Estimate the parameters `a` and `b` using the distribution functions.

`[muhat,muci] = gamfit(x) % Distribution specific function`
```muhat = 1×2 2.7783 5.7344 ```
```muci = 2×2 2.1374 4.3020 3.6114 7.6437 ```
`[muhat2,muci2] = mle(x,'distribution','gamma') % Generic function`
```muhat2 = 1×2 2.7783 5.7344 ```
```muci2 = 2×2 2.1374 4.3020 3.6114 7.6437 ```

#### Compute Gamma Distribution pdf

Compute the pdfs of the gamma distribution with several shape and scale parameters.

```x = 0:0.1:50; y1 = gampdf(x,1,10); y2 = gampdf(x,3,5); y3 = gampdf(x,6,4);```

Plot the pdfs.

```figure; plot(x,y1) hold on plot(x,y2) plot(x,y3) hold off xlabel('Observation') ylabel('Probability Density') legend('a = 1, b = 10','a = 3, b = 5','a = 6, b = 4')``` #### Compute Gamma Distribution cdf

Compute the cdfs of the gamma distribution with several shape and scale parameters.

```x = 0:0.1:50; y1 = gamcdf(x,1,10); y2 = gamcdf(x,3,5); y3 = gamcdf(x,6,4);```

Plot the cdfs.

```figure; plot(x,y1) hold on plot(x,y2) plot(x,y3) hold off xlabel('Observation') ylabel('Cumulative Probability') legend('a = 1, b = 10','a = 3, b = 5','a = 6, b = 4',"Location","northwest")``` #### Compare Gamma and Normal Distribution pdfs

The gamma distribution has the shape parameter $\mathit{a}$ and the scale parameter $\mathit{b}$. For a large $\mathit{a}$, the gamma distribution closely approximates the normal distribution with mean $\mu =\mathit{ab}$ and variance ${\sigma }^{2}=\mathit{a}{\mathit{b}}^{2}$.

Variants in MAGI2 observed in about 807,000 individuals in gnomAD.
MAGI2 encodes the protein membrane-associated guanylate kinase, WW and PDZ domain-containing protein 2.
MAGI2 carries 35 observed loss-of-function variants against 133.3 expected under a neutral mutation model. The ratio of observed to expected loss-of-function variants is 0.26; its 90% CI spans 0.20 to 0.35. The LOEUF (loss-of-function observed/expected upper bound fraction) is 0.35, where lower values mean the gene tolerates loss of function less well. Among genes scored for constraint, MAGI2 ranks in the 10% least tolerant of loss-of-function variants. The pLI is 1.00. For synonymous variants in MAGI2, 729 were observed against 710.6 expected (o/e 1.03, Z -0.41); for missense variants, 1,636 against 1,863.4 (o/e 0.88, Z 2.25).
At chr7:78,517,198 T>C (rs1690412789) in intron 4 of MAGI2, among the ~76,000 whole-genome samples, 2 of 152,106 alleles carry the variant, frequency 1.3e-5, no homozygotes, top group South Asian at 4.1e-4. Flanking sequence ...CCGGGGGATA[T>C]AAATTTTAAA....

Compute the pdf of a gamma distribution with parameters `a = 100` and `b = 5`.

```a = 100; b = 5; x = 250:750; y_gam = gampdf(x,a,b);```

For comparison, compute the mean, standard deviation, and pdf of the normal distribution that gamma approximates.

`mu = a*b`
```mu = 500 ```
`sigma = sqrt(a*b^2)`
```sigma = 50 ```
`y_norm = normpdf(x,mu,sigma);`

Plot the pdfs of the gamma distribution and the normal distribution on the same figure.

```plot(x,y_gam,'-',x,y_norm,'-.') title('Gamma and Normal pdfs') xlabel('Observation') ylabel('Probability Density') legend('Gamma Distribution','Normal Distribution')``` The pdf of the normal distribution approximates the pdf of the gamma distribution.

### Related Distributions

• Beta Distribution — The beta distribution is a two-parameter continuous distribution that has parameters a (first shape parameter) and b (second shape parameter). If X1 and X2 have standard gamma distributions with shape parameters a1 and a2 respectively, then $Y=\frac{{X}_{1}}{{X}_{1}\text{​}+{X}_{2}}$ has a beta distribution with shape parameters a1 and a2.

• Chi-Square Distribution — The chi-square distribution is a one-parameter continuous distribution that has parameter ν (degrees of freedom). The chi-square distribution is equal to the gamma distribution with 2a = ν and b = 2.

• Exponential Distribution — The exponential distribution is a one-parameter continuous distribution that has parameter μ (mean). The exponential distribution is equal to the gamma distribution with a = 1 and b = μ. The sum of k exponentially distributed random variables with mean μ is the gamma distribution with parameters a = k and μ = b.

• Nakagami Distribution — The Nakagami distribution is a two-parameter continuous distribution with shape parameter µ and scale parameter ω. If x has a Nakagami distribution, then x2 has a gamma distribution with a = μ and ab = ω.

• Normal Distribution — The normal distribution is a two-parameter continuous distribution that has parameters μ (mean) and σ (standard deviation). When a is large, the gamma distribution closely approximates a normal distribution with μ = ab and σ2 = ab2. For an example, see Compare Gamma and Normal Distribution pdfs.